One of my favorite parts of the class was the struggle for the right to vote. What had women sacrificed to get a voice, the power of the vote? We looked at the militant women, the Brits, who were cutting telephone wires, smashing mailboxes, burning down the offices of prominent politicians, and even carving messages in golf courses. While American women were slow to break the law, they finally resorted to protesting outside the White House and protesting a wartime President who didn’t address the problems of women. Woodrow Wilson listened condescendingly to their pleas, but he did nothing to help them move closer to gaining the right to vote. He listened to them like children and lit a fire in the hearts of suffragettes like Alice Paul and Lucy Burns. America was fighting overseas in 1918 for the human rights of other nations and yet, denying these same rights to their mothers, sisters, and daughters. The protesting continued amid threats by the public who thought it was wrong to challenge a sitting wartime President. With little else he could do, Wilson had them arrested for trespassing, though they carefully stayed on the sidewalk on public property. They were sentenced to a ten dollar fine which they refused to pay, and they were taken to jail. More women joined the movement, more protesting followed until Alice Paul and her supporters refuse to eat in prison. Wilson couldn’t have these women die on his watch so, with his expressed consent or not, these women were held in straight jackets and force-fed.  I showed the movie, Iron Jawed Angels which visually depicted the facts of history. What had women sacrificed so that future women would have the right to vote? I challenged them to save the images in their memory banks for the times it rained on election day or it was too cold or they had too much to do to go to the polls and vote. Such a precious gift was given to all women.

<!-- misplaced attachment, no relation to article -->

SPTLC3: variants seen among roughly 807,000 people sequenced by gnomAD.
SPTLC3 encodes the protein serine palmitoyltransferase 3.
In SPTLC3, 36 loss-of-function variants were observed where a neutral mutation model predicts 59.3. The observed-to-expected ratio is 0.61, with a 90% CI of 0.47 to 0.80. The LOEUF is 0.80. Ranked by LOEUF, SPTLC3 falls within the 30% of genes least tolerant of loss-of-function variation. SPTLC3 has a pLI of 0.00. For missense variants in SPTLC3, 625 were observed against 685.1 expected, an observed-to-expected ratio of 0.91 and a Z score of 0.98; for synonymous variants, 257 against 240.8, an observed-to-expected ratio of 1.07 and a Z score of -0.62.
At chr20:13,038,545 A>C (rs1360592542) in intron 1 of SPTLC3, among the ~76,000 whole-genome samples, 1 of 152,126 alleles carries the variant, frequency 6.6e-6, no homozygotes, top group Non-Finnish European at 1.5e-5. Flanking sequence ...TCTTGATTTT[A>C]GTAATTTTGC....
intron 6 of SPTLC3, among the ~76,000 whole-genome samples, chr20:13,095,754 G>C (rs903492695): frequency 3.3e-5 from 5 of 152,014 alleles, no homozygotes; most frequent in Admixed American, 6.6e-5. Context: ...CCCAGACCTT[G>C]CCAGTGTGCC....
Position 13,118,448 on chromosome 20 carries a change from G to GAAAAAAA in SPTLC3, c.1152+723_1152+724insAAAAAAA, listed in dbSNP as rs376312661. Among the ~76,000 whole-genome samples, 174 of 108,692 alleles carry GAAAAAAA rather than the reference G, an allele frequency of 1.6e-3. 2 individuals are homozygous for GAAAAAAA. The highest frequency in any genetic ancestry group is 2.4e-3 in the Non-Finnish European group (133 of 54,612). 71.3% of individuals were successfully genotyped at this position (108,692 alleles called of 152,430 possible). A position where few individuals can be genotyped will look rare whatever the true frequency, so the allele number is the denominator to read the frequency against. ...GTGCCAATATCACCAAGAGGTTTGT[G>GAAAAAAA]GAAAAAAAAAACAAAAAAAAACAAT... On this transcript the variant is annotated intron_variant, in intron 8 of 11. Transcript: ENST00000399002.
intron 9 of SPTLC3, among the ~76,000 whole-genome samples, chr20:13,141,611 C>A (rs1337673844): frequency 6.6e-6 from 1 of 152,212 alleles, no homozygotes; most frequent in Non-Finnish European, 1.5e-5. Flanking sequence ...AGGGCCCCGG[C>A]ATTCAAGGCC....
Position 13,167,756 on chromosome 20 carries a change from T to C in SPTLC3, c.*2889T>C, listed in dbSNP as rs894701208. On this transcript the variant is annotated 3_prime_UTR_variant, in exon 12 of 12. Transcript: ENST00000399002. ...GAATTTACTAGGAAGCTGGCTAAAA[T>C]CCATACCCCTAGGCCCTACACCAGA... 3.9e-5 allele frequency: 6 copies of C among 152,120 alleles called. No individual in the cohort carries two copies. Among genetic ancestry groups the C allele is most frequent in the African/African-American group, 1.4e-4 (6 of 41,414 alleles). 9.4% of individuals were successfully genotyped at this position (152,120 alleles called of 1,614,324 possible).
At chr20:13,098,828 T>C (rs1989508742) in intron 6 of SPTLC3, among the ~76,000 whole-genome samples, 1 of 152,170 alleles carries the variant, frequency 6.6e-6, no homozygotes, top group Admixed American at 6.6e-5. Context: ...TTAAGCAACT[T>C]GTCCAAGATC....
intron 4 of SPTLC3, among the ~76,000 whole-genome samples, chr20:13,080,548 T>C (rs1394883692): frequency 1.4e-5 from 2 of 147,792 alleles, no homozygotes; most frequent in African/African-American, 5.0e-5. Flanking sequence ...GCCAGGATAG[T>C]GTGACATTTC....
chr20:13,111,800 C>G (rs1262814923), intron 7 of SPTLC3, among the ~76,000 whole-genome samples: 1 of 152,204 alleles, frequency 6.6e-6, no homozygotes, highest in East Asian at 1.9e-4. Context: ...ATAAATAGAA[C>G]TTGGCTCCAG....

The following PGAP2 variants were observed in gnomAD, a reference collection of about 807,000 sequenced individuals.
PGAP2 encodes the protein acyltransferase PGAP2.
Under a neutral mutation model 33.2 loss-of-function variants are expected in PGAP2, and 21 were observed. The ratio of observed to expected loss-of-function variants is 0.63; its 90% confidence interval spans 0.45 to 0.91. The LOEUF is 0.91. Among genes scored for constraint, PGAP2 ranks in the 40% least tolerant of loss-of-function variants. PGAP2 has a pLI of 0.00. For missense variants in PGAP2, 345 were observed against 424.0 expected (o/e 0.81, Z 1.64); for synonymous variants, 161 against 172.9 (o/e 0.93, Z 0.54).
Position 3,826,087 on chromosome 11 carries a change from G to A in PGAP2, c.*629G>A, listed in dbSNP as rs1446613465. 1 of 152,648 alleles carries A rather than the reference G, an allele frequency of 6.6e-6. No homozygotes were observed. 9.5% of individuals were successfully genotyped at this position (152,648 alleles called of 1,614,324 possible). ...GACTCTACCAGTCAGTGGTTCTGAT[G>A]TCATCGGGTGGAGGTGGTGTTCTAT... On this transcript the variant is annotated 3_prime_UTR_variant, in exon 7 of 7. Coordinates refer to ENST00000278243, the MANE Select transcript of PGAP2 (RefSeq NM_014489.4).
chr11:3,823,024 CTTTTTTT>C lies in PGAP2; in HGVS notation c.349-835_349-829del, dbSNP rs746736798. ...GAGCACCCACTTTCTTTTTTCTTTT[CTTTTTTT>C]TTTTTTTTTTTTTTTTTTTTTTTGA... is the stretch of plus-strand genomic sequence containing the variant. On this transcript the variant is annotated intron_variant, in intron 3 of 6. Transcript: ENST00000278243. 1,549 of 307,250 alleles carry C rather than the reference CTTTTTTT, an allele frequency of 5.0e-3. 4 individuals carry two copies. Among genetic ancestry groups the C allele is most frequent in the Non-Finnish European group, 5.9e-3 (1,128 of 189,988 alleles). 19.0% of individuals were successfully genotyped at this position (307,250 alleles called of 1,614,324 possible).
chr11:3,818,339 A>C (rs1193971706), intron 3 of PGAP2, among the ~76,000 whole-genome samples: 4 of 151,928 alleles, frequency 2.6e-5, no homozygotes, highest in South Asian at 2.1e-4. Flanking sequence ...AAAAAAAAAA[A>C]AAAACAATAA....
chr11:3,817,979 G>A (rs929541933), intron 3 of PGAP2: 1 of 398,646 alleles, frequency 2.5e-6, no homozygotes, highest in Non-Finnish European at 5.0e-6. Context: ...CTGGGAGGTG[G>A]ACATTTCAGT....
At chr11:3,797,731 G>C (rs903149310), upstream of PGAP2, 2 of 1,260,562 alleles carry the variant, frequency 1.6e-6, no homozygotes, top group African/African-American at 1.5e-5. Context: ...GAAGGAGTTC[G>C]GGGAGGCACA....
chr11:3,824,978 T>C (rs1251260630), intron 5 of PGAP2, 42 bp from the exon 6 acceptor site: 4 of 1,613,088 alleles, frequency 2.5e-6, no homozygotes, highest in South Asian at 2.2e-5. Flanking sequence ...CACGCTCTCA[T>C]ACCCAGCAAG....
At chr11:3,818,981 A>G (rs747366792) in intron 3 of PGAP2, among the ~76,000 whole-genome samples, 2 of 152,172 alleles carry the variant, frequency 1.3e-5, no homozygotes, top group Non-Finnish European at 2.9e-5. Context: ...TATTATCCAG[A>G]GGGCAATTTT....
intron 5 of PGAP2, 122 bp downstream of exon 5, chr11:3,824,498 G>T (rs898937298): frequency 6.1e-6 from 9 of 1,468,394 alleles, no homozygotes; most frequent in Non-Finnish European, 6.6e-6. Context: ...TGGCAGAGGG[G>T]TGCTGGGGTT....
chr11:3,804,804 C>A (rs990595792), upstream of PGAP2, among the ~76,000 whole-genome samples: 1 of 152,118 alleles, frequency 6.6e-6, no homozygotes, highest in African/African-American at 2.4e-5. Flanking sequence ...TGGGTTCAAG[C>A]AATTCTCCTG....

I showed them another movie about the accomplishes of women. It was nothing more than a list, a very long list, but my unsuspecting students didn’t know my motives when I gave them paper and asked them to jot down names and their fields for the day’s credit. Oh, the movie started slow enough with Helen Keller and Marie Curie, but five minutes in, it picked up the pace. The names coming fast and furious, and my class shouted out their frustration. I smiled and paused the movie. “What’s wrong?” They whined they couldn’t keep up. Too many names, too many fields, too many accomplishments, and suddenly the light dawned. My point. When had they ever heard these names in their history classes?  Women in:

  • Sports like Gertrude Ederle, the first to swim the English Channel, Billy Jean King in tennis, and Jackie Joyner-Kersee for the long jump.
  • Literature like Jane Austen, J.K. Rowling, Laura Engels Wilder, Mary Shelley, and Maya Angelou.
  • Science Like Rosalind Franklin who discovered the structure of DNA, Caroline Herschel identifying seven comets, and Rachel Carson’s work in marine biology and the environment.
  • Medicine like Virginia Apgar who created the standard test for newborn health, Sara Josephine Baker who raised concerns for public health standards and child welfare, and Alice Ball who suggested a new treatment for leprosy.
  • Government like Supreme Court Justices Ruth Bader Ginsburg and Sandra Day O’Connor.
  • Space like Geraldine Cobb, Sally Ride, and Mae Jamison.